Selma in Dallas County, Alabama — The American South (East South Central)
George Washington Carver Neighborhood
Selma to Montgomery National Historic Trail
These were salt—of—the—earth people—school teachers, beauticians, undertakers, housewives, men, women and children from every walk of black life in Selma...nameless individuals to outsiders, faceless people to all but those of us who were there. Congressman John Lewis, former chairman of the Student Nonviolent Coordinating Committee (SNCC)
Residents of the George Washington Carver neighborhood talking to Alabama State trooper.
In March 1965, Dr. Martin Luther King Jr. addressed a large rally of supporters at the George Washington Carver Project in Selma.
Erected 2014 by the National Park
Location. 32° 24.831′ N, 87° 1.043′ W. Marker is in Selma, Alabama, in Dallas County. Marker is at the intersection of Martin Luther King Jr. Street and Clark Avenue, on the left when traveling north on Martin Luther King Jr. Street. Touch for map. Marker is at or near this postal address: 605 Martin Luther King Jr. Street, Selma AL 36703, United States of America.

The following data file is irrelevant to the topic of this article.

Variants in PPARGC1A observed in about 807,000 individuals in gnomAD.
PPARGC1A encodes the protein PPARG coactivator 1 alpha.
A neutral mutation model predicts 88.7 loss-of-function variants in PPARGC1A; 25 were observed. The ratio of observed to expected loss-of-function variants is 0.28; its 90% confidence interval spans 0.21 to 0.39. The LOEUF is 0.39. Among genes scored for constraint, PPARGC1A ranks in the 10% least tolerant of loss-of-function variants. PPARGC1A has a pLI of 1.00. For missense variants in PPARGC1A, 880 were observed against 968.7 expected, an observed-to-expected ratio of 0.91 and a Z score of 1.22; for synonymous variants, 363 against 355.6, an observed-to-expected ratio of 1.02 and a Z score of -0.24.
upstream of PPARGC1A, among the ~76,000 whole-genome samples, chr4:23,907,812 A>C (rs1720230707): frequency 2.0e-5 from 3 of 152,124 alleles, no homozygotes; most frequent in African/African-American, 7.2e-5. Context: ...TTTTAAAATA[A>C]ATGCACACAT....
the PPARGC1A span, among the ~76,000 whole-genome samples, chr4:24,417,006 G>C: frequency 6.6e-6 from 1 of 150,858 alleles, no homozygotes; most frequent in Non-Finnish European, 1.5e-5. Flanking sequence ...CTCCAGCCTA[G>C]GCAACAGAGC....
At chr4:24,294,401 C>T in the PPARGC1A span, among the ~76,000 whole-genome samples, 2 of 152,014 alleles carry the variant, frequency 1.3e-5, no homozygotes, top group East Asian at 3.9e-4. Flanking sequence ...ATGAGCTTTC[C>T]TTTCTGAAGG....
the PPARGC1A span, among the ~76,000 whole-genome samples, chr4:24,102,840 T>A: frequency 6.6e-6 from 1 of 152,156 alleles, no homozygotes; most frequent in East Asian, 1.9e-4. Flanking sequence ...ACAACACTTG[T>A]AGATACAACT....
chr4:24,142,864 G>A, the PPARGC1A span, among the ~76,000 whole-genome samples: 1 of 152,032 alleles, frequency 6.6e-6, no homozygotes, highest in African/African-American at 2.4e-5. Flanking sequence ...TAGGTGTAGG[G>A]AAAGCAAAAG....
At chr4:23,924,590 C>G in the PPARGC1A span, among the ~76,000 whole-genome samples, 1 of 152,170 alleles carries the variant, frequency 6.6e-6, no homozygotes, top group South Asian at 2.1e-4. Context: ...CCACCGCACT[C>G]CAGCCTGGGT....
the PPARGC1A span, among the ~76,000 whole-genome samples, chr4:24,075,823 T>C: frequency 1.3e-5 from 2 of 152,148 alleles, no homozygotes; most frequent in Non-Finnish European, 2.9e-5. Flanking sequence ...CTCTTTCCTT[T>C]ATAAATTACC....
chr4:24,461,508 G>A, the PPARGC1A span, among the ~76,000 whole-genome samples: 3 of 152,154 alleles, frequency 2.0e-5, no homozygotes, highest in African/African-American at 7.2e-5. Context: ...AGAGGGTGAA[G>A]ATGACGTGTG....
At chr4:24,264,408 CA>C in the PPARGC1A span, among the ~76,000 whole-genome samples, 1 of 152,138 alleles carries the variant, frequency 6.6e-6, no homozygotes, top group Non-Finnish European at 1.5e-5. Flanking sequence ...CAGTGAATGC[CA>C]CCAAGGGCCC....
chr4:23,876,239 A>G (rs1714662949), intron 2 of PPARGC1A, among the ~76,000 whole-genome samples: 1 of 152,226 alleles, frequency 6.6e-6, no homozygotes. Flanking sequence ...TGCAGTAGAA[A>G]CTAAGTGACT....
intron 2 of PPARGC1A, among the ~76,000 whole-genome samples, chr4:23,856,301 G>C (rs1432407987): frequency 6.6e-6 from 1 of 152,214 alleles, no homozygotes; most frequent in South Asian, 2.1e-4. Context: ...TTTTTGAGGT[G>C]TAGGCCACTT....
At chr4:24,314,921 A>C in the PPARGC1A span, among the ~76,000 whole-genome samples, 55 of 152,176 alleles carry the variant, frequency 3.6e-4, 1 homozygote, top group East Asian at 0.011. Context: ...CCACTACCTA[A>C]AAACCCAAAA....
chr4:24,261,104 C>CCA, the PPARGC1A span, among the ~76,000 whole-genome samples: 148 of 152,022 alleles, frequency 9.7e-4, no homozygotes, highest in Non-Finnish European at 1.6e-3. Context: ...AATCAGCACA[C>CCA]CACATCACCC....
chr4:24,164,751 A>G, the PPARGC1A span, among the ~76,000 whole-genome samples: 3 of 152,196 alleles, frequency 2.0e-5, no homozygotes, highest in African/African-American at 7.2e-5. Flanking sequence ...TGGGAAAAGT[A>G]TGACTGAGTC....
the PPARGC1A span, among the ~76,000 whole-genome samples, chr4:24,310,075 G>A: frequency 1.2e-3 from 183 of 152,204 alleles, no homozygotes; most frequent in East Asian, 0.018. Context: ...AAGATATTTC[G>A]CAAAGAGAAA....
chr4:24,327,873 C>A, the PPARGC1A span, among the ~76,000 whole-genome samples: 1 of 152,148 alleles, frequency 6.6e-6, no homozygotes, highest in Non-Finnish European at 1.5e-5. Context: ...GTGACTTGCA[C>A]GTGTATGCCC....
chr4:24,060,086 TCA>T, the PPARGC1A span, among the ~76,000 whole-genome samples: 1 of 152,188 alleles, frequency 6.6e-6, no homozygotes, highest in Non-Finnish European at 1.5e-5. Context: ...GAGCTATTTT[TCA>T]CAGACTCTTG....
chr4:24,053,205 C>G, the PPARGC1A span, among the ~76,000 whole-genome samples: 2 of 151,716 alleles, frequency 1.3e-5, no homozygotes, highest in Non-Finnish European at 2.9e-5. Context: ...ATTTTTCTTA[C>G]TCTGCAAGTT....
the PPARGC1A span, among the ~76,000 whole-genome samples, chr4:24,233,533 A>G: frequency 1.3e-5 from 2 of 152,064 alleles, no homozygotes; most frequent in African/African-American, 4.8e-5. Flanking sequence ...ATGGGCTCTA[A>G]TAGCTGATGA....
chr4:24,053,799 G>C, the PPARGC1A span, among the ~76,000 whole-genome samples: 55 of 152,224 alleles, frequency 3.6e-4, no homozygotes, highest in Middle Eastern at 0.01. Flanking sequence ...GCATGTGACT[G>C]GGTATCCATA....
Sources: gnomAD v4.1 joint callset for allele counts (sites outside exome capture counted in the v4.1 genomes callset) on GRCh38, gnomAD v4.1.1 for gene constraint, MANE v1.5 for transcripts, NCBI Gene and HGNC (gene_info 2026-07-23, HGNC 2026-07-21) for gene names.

Other nearby markers. At least 8 other markers are within walking distance of this marker. Lewis Scott (about 300 feet away, measured in a direct line); First Baptist Church (about 300 feet away); Turning Point (about 400 feet away); A Grassroots Movement (about 400 feet away); I Had A Dream (about 600 feet away); Sanctuary to Stage (about 600 feet away); George Washington Carver Homes Projects (about 700 feet away); Temple Mishkan Israel (approx. 0.3 miles away). Touch for a list and map of all markers in Selma.
Categories. • 20th Century • African Americans • Civil Rights • Notable Places •
Credits. This page was last revised on January 7, 2018. This page originally submitted on January 6, 2018, by Mark Hilton of Montgomery, Alabama. This page has been viewed 150 times since then and 7 times this year. Photos: 1, 2, 3. submitted on January 6, 2018, by Mark Hilton of Montgomery, Alabama. 4. submitted on January 7, 2018, by Mark Hilton of Montgomery, Alabama.